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Ruth

Age at interview: 40
Brief Outline: Ruth’s eldest daughter began cutting herself during a long period of absence from school between the ages of 12 and 13. She no longer hides her cutting, which Ruth describes as ‘horrifying.’
Background: Ruth, age 40, is a post-graduate student, married with two children. Ethnic background: White Scottish.

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Ruth first noticed that her daughter, Sylvia (not her real name), who was 15 years old at the time of interview, had been cutting herself when Sylvia was 13. She had got drunk with a friend and both were admitted to hospital. Disinhibition led her to show the scars she had been hiding up to that point. Sylvia wouldn’t talk to her mum about the reasons for her self-cutting but Ruth relates it to a long painful illness which kept Sylvia off school for almost 18 months from the age of 12 (eventually diagnosed, tentatively, as abdominal migraine). During that time Sylvia spent a lot of time on her own and became depressed. She was under the care of a pain team, including a psychologist. Ruth had no idea that Sylvia was harming herself during this time. 

Sylvia’s cutting increased after she was sexually assaulted, just after she returned to school at the age of 14. The shopkeeper was prosecuted and convicted, but, on one of the few occasions Syliva has talked to Ruth about her feelings and the reasons for her self-harm (‘to express myself’) she revealed that this assault left her feeling completely worthless. Ruth says that this incident had a devastating impact on Sylvia. Ruth describes her as an attractive, outgoing, bright girl who has recently done well in her English standard grade exam despite her long absence from school.  Since the assault Sylvia cuts deeper and no longer tries to hide her cutting or her scars. Ruth describes her horrified response to seeing blood running down Sylvia’s arms from fresh, deep cuts. Since the sexual assault Sylvia has received weekly counselling from the Child and Adolescent Mental Health Service (CAMHS) but, Ruth says, her self-harming gets worse and worse.

The only person Sylvia continues to hide her scars from is her birth-father. She has also embargoed Ruth from talking to him about it. Both her birth-father and her stepfather seem to Ruth, who has researched self-harm, to have simplistic views about it, which she says is divisive and makes her feel alone in her thinking about it.

School hasn’t been helpful, in Ruth’s view, concentrating their concerns on Sylvia’s absences rather than on her health needs. Ruth feels excluded to some extent from CAMHS but understands that they can’t talk to her about Sylvia. She does occasionally see one of the psychologists herself and is able to talk about her own feelings and responses to Sylvia’s cutting. CAMHS staff suggested at one point that they have a joint session with Ruth and Sylvia, but Sylvia flatly refused. Ruth has received helpful information and support from a mental health charity.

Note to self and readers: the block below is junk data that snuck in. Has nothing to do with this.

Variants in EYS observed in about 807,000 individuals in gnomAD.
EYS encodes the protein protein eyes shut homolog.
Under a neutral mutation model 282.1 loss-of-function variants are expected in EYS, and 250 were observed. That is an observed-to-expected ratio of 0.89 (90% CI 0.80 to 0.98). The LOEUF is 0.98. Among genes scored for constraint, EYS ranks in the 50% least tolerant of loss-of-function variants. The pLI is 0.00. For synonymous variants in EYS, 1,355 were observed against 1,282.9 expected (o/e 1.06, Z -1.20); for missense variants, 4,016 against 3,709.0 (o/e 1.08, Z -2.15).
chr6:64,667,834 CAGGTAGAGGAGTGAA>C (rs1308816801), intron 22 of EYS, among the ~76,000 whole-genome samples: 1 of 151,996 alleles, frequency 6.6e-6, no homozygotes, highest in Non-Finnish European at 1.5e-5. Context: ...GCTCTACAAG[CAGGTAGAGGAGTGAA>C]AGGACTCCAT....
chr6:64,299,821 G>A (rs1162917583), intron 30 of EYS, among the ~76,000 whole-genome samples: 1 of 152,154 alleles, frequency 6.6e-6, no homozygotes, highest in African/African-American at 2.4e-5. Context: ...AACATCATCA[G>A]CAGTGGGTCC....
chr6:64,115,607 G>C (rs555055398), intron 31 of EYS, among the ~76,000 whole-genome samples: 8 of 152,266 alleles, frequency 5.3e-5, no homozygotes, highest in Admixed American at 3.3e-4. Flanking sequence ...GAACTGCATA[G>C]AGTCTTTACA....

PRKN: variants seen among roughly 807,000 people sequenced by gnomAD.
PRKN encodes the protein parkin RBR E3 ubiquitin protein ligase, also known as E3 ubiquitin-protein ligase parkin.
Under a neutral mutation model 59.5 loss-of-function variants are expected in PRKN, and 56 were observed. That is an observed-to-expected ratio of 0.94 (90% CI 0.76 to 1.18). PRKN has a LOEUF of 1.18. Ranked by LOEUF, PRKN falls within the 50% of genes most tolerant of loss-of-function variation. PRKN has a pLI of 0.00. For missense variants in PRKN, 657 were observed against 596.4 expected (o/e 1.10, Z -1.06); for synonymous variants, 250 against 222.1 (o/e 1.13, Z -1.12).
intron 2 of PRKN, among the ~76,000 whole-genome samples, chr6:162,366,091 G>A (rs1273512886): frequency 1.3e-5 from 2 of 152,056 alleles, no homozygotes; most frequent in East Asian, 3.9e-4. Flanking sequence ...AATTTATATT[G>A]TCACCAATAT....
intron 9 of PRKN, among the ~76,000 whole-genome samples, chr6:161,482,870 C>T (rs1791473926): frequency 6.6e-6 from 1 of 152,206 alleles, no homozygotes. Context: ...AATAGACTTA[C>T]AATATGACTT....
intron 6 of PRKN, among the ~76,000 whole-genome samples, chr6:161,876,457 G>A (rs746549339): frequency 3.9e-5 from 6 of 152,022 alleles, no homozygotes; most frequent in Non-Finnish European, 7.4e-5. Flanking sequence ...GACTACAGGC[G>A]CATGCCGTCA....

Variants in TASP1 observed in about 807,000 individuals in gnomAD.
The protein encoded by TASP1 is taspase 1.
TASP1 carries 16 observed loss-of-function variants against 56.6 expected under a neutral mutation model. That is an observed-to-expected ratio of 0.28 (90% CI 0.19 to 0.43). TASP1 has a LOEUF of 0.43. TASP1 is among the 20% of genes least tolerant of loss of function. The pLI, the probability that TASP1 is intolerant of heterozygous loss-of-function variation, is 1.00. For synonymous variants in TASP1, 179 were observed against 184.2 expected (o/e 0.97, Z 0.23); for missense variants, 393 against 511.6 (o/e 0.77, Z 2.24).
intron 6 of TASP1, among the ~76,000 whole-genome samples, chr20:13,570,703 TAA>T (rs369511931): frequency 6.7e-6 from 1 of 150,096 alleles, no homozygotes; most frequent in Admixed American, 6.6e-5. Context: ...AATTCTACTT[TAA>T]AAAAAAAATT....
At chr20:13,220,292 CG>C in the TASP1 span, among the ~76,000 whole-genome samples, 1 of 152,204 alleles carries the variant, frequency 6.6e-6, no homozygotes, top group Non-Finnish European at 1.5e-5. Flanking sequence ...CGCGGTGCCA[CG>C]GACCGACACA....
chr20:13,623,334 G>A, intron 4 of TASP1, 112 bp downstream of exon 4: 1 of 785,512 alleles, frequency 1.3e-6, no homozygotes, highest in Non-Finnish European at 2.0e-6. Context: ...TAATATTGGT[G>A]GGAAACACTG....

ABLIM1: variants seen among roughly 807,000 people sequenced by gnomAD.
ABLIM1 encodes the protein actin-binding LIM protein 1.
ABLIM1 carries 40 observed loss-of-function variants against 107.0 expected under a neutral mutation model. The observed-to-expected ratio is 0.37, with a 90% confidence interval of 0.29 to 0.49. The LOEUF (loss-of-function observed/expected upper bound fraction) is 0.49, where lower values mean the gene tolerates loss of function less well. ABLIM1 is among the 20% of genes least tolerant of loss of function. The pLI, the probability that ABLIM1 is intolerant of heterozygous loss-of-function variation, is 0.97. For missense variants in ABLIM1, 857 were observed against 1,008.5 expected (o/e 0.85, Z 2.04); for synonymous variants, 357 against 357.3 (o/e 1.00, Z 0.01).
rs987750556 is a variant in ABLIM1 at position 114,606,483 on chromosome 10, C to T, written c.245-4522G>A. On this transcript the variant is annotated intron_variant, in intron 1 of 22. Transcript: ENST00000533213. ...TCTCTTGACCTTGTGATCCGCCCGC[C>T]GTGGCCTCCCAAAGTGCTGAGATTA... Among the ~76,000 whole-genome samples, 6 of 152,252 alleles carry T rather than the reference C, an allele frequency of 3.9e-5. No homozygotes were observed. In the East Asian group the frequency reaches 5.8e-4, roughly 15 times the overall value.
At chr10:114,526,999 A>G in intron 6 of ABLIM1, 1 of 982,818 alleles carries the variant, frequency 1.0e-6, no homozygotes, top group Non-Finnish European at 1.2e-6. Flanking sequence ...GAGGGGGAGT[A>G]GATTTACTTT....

Ruth has learned that self-harm is not just a ‘teenage thing’ and is concerned that there might not be a time when Sylvia is likely to stop. At the same time she is optimistic for her future, hoping that she will go to university and, experiencing a different kind of life, will decide to stop self-harming.
 

After Ruth’s daughter was sexually abused by a stranger her self-harming got much worse

After Ruth’s daughter was sexually abused by a stranger her self-harming got much worse

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And then in June of last year she had just got back to school, she had got back to school, with a staged c-, return, and she’d been back to school probably about a week and she, something dreadful happened to her. She was sexually assaulted. And that’s when it just completely kicked off, you know, in a big way. She was sexually assaulted, and it went to court and everything. She had to give evidence in court, because he pled guilty up until she, he pled not guilty up until she gave her evidence and then he pled guilty then. So the good thing about that was that he was actually dealt with and, you know, he was punished and everything, but not in a way that I thought was enough. But she was very brave and dealt with it really well and gave evidence against him. 

But that incident, you know, that one incident of, of being sexually assaulted, it was good that she was believed and it was good that it was proved in court and everything like that, but it had a massive effect on her. So up until that point she had been depressed, she had had some self-harming, some sort of rebelling kind of thing, but nothing outrageous, you know. And that just tipped her completely over the edge. And she just, I didn’t know what to do with her at all and it just got worse and worse. And she, was seeing a team at CAMHS, children and adolescent mental health services, who deal with sexual assault. And so she was seeing all the right people, and she still sees them more than a year later, she still goes there once a week.